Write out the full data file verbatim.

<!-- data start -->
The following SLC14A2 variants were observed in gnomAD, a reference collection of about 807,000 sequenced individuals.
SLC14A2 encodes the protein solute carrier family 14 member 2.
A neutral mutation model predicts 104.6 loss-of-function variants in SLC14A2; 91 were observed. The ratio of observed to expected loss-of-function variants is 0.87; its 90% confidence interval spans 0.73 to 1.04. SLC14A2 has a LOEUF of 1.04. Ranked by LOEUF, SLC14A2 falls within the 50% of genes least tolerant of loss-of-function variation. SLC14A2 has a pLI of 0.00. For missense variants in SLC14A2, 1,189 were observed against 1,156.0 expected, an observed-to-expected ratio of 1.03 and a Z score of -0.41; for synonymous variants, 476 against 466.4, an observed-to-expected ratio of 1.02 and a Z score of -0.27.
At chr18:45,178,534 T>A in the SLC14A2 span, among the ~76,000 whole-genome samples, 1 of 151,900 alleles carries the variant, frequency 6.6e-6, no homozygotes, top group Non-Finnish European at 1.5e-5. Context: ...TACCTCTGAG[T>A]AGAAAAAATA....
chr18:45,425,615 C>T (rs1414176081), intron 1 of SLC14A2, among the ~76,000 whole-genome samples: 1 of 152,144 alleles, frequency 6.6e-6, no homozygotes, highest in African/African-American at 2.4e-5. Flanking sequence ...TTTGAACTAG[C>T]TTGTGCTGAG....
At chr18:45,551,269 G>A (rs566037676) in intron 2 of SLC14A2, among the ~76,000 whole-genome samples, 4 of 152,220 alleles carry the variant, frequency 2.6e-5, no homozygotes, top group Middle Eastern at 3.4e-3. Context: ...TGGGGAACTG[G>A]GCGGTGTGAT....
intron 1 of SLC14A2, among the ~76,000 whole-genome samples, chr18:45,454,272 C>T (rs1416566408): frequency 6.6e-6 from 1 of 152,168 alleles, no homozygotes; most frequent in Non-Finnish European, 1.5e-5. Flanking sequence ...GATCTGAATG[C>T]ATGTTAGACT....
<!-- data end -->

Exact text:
The following SLC14A2 variants were observed in gnomAD, a reference collection of about 807,000 sequenced individuals.
SLC14A2 encodes the protein solute carrier family 14 member 2.
A neutral mutation model predicts 104.6 loss-of-function variants in SLC14A2; 91 were observed. The ratio of observed to expected loss-of-function variants is 0.87; its 90% confidence interval spans 0.73 to 1.04. SLC14A2 has a LOEUF of 1.04. Ranked by LOEUF, SLC14A2 falls within the 50% of genes least tolerant of loss-of-function variation. SLC14A2 has a pLI of 0.00. For missense variants in SLC14A2, 1,189 were observed against 1,156.0 expected, an observed-to-expected ratio of 1.03 and a Z score of -0.41; for synonymous variants, 476 against 466.4, an observed-to-expected ratio of 1.02 and a Z score of -0.27.
At chr18:45,178,534 T>A in the SLC14A2 span, among the ~76,000 whole-genome samples, 1 of 151,900 alleles carries the variant, frequency 6.6e-6, no homozygotes, top group Non-Finnish European at 1.5e-5. Context: ...TACCTCTGAG[T>A]AGAAAAAATA....
chr18:45,425,615 C>T (rs1414176081), intron 1 of SLC14A2, among the ~76,000 whole-genome samples: 1 of 152,144 alleles, frequency 6.6e-6, no homozygotes, highest in African/African-American at 2.4e-5. Flanking sequence ...TTTGAACTAG[C>T]TTGTGCTGAG....
At chr18:45,551,269 G>A (rs566037676) in intron 2 of SLC14A2, among the ~76,000 whole-genome samples, 4 of 152,220 alleles carry the variant, frequency 2.6e-5, no homozygotes, top group Middle Eastern at 3.4e-3. Context: ...TGGGGAACTG[G>A]GCGGTGTGAT....
intron 1 of SLC14A2, among the ~76,000 whole-genome samples, chr18:45,454,272 C>T (rs1416566408): frequency 6.6e-6 from 1 of 152,168 alleles, no homozygotes; most frequent in Non-Finnish European, 1.5e-5. Flanking sequence ...GATCTGAATG[C>T]ATGTTAGACT....